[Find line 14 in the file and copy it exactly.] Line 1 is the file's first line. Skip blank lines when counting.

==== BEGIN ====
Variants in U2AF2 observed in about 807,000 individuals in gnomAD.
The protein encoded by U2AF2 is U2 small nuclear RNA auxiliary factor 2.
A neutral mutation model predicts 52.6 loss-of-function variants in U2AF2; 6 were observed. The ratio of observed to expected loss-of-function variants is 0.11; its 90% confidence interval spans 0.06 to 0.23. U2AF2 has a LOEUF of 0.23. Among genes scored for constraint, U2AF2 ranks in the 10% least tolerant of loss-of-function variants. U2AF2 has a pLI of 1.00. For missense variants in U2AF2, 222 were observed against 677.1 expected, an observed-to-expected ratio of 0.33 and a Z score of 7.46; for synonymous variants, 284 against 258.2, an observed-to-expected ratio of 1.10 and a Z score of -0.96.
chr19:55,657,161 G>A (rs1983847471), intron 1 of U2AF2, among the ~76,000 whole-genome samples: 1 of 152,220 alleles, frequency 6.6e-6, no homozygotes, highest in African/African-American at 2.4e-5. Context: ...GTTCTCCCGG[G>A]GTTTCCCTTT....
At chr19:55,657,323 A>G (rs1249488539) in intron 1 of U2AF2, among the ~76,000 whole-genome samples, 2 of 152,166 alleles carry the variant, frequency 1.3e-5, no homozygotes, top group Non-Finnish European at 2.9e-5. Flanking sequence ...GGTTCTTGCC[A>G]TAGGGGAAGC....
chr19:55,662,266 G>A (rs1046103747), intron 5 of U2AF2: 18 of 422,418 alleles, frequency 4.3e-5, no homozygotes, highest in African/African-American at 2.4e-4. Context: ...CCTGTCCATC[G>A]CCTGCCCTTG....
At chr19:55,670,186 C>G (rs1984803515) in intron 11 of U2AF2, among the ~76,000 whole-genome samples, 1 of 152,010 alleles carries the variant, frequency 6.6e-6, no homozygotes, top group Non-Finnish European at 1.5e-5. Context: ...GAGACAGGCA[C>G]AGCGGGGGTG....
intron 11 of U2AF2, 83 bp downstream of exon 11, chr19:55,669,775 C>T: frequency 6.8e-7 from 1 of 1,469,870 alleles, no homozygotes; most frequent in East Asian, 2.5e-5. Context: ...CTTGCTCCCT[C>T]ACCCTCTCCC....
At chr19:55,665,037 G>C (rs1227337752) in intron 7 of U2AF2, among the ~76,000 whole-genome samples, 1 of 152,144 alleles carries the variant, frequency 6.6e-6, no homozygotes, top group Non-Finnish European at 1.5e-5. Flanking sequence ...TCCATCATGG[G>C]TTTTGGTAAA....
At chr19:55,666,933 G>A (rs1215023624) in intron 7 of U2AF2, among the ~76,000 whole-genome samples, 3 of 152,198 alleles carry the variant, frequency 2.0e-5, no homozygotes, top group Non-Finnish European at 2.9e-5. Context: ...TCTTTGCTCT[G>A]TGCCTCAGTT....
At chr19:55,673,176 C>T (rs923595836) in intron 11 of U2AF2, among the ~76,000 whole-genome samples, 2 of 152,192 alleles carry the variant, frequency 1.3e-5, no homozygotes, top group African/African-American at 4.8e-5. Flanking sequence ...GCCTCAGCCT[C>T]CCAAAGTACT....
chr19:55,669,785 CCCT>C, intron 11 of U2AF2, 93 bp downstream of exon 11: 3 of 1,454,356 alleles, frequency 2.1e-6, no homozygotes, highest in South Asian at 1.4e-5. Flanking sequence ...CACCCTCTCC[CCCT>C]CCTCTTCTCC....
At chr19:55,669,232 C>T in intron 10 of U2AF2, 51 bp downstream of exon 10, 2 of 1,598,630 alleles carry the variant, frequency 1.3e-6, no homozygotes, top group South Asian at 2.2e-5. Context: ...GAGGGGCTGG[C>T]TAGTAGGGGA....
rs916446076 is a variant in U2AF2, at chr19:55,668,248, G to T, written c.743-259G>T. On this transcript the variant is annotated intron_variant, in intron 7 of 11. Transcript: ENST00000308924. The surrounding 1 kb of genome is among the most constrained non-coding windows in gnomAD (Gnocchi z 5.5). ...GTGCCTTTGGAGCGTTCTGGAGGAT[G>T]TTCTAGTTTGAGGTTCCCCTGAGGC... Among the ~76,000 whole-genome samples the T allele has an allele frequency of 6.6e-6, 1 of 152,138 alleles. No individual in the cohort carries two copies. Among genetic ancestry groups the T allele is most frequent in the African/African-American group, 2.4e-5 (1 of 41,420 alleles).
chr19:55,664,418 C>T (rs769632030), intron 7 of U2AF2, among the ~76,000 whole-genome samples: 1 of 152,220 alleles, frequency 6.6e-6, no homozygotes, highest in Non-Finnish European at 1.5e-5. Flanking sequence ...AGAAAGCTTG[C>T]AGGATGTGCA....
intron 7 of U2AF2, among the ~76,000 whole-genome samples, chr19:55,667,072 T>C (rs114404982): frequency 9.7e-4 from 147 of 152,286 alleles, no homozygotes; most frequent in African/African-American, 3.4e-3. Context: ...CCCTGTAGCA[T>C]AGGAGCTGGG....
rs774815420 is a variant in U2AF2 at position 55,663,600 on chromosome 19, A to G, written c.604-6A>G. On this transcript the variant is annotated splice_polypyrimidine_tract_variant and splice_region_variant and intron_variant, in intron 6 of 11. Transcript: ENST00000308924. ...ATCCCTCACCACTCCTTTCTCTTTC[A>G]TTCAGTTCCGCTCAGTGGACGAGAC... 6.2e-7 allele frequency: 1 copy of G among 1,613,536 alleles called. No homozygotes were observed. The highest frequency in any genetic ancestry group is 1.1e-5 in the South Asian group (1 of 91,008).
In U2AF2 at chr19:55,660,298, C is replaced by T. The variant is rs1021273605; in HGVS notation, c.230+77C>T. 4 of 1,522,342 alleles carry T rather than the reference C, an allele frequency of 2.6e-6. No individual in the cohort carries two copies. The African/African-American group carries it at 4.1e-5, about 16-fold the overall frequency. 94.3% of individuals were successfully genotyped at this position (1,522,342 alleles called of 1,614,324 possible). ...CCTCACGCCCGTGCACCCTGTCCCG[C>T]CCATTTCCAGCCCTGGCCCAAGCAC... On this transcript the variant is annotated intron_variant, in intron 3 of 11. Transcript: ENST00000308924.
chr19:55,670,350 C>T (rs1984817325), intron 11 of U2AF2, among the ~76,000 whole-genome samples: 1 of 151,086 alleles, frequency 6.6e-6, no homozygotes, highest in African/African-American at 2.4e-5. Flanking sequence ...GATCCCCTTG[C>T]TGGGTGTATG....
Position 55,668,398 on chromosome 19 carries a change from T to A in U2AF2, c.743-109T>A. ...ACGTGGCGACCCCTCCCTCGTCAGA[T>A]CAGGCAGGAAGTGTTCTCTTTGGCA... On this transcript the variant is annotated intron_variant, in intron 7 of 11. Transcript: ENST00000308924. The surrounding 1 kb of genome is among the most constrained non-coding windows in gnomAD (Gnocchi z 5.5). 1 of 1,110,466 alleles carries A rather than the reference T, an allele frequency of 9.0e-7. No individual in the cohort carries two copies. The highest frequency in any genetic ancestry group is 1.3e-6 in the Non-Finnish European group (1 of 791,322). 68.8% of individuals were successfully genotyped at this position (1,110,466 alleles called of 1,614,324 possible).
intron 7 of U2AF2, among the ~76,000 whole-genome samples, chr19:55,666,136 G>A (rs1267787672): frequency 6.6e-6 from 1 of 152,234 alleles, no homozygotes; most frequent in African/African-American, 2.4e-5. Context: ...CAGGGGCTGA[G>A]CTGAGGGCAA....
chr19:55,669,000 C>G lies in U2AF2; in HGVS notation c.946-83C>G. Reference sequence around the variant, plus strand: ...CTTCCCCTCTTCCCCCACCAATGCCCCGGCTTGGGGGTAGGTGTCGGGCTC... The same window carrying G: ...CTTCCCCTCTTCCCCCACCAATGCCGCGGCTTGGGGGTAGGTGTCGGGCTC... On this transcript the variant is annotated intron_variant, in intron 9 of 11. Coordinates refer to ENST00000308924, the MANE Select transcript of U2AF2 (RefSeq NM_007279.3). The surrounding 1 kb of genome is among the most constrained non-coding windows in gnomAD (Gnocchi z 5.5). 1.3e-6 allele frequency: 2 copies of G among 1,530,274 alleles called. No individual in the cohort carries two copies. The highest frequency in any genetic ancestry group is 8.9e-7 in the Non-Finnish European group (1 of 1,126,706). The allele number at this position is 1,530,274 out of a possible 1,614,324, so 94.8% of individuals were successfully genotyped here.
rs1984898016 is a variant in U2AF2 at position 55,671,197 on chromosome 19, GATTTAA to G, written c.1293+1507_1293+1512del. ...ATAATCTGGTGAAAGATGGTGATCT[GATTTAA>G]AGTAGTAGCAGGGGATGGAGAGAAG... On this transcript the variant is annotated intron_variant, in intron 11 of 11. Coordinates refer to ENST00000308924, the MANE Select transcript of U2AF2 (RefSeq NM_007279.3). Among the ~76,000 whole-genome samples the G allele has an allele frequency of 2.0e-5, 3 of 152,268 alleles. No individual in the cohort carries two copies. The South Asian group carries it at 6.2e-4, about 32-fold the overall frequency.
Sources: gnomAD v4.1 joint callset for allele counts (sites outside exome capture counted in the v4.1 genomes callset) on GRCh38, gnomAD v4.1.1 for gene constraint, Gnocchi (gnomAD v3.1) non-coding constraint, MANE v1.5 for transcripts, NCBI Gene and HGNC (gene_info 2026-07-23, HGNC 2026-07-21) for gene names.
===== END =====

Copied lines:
rs916446076 is a variant in U2AF2, at chr19:55,668,248, G to T, written c.743-259G>T. On this transcript the variant is annotated intron_variant, in intron 7 of 11. Transcript: ENST00000308924. The surrounding 1 kb of genome is among the most constrained non-coding windows in gnomAD (Gnocchi z 5.5). ...GTGCCTTTGGAGCGTTCTGGAGGAT[G>T]TTCTAGTTTGAGGTTCCCCTGAGGC... Among the ~76,000 whole-genome samples the T allele has an allele frequency of 6.6e-6, 1 of 152,138 alleles. No individual in the cohort carries two copies. Among genetic ancestry groups the T allele is most frequent in the African/African-American group, 2.4e-5 (1 of 41,420 alleles).